Principal Components Analysis and Factor Analysis


Partner, The Intertek Group


Professor of Finance, EDHEC Business School

Abstract: In investment management, multifactor risk modeling is the most common application of financial modeling. Multifactor risk models, or simply factor models, are linear regressions over a number of variables called factors. Factors can be exogenous variables or abstract variables formed by portfolios. Exogenous factors (or known factors) can be identified from traditional fundamental analysis or economic theory from macroeconomic factors. Abstract factors, also called unidentified or latent factors, can be determined with factor analysis or principal component analysis. Principal component analysis identifies the largest eigenvalues of the variance-covariance matrix or the correlation matrix. The largest eigenvalues correspond to eigenvectors that identify the entire market and sectors that correspond to industry classification. Factor analysis can be used to identify the structure of the latent factors.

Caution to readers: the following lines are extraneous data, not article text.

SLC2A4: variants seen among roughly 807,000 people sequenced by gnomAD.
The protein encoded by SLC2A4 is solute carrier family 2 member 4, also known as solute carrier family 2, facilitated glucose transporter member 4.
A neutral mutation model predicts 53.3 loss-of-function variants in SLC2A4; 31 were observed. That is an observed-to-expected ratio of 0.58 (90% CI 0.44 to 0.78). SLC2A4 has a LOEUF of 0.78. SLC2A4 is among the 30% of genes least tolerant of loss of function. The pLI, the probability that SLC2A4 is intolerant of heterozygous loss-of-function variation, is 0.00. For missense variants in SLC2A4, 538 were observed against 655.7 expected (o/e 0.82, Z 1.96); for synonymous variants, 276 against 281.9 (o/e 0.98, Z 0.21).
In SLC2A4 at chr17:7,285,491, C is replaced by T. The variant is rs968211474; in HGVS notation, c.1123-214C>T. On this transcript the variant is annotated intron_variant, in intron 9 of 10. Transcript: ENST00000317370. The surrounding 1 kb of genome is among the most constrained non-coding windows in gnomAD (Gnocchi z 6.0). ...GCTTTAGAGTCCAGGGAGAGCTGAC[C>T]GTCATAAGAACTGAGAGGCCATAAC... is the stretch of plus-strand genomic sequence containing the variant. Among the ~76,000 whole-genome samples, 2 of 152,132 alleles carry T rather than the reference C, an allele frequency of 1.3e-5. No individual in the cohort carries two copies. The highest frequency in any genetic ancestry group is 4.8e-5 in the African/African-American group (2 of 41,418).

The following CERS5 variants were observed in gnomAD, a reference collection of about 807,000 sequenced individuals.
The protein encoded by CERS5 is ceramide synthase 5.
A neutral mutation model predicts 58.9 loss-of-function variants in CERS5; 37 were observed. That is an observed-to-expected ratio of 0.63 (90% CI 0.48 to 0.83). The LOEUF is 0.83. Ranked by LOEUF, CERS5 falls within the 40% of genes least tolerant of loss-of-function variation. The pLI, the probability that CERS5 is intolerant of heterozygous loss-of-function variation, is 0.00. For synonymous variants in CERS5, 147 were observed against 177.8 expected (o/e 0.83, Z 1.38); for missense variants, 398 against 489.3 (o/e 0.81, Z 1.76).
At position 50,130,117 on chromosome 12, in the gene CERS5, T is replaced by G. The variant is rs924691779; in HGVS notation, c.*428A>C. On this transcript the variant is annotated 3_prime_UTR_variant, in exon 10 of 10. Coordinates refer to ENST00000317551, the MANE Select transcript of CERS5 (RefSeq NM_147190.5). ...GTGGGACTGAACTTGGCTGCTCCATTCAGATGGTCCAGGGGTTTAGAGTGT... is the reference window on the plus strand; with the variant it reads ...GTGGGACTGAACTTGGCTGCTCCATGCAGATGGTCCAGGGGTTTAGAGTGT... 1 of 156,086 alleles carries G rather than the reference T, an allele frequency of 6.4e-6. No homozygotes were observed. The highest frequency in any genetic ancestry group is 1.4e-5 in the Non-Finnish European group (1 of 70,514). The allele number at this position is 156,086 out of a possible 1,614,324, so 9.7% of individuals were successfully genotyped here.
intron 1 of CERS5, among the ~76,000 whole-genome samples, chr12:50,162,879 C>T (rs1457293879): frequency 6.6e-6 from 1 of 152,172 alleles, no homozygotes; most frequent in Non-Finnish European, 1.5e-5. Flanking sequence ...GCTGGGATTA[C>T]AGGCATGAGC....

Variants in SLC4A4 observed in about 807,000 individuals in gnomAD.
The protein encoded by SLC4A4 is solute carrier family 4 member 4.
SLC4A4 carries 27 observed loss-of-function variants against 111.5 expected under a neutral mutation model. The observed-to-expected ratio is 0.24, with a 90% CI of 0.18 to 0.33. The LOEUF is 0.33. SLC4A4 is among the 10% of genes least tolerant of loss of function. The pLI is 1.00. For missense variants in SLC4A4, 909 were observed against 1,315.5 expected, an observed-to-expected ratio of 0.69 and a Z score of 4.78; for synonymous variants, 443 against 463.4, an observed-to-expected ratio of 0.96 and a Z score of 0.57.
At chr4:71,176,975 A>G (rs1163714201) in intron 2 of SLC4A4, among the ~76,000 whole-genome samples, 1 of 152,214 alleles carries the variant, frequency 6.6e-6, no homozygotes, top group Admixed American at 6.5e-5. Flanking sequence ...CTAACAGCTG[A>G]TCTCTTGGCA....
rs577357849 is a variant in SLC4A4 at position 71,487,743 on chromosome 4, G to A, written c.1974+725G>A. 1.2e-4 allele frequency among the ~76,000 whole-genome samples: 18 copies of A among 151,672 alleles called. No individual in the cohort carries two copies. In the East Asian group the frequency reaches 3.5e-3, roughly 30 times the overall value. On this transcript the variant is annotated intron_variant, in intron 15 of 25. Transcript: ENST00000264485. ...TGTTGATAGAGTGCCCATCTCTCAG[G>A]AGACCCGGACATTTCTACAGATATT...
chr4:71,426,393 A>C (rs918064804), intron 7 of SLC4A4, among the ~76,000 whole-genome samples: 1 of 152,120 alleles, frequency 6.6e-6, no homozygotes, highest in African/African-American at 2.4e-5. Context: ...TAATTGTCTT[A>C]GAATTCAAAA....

Principal component analysis (PCA) and factor analysis are statistical tools that allow a modeler to (1) reduce the number of variables in a model (i.e., to reduce the dimensionality), and (2) identify if there is structure in the relationships between variables (i.e., to classify variables). In this entry, we explain PCA and factor analysis. We illustrate and compare both techniques using a ...

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